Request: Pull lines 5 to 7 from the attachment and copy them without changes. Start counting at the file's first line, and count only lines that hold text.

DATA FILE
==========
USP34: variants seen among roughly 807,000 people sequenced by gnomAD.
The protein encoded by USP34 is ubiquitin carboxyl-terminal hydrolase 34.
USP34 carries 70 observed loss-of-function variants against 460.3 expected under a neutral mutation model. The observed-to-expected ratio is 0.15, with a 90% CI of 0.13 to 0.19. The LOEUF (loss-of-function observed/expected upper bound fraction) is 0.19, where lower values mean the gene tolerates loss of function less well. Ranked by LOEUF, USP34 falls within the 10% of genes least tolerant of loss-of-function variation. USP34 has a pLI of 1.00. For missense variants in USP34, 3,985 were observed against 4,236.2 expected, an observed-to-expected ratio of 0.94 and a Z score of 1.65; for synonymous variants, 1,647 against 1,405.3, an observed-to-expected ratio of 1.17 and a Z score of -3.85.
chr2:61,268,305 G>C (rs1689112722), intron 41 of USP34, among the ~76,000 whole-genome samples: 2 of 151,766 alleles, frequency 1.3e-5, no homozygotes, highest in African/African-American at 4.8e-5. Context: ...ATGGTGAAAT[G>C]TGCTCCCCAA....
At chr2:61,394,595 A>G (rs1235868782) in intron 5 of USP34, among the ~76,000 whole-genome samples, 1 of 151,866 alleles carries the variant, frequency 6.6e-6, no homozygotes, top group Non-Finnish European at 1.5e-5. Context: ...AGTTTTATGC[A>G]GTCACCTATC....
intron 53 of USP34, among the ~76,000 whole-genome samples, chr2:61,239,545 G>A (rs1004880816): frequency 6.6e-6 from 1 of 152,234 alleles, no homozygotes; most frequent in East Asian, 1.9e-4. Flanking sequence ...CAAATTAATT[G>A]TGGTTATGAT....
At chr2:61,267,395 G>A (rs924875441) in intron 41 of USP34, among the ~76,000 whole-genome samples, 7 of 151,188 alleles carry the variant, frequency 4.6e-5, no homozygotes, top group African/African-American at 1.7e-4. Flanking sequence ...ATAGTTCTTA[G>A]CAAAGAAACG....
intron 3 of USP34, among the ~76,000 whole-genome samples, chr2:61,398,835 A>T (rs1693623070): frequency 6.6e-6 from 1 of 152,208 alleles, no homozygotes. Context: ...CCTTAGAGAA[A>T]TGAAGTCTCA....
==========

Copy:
At chr2:61,394,595 A>G (rs1235868782) in intron 5 of USP34, among the ~76,000 whole-genome samples, 1 of 151,866 alleles carries the variant, frequency 6.6e-6, no homozygotes, top group Non-Finnish European at 1.5e-5. Context: ...AGTTTTATGC[A>G]GTCACCTATC....
intron 53 of USP34, among the ~76,000 whole-genome samples, chr2:61,239,545 G>A (rs1004880816): frequency 6.6e-6 from 1 of 152,234 alleles, no homozygotes; most frequent in East Asian, 1.9e-4. Flanking sequence ...CAAATTAATT[G>A]TGGTTATGAT....
At chr2:61,267,395 G>A (rs924875441) in intron 41 of USP34, among the ~76,000 whole-genome samples, 7 of 151,188 alleles carry the variant, frequency 4.6e-5, no homozygotes, top group African/African-American at 1.7e-4. Flanking sequence ...ATAGTTCTTA[G>A]CAAAGAAACG....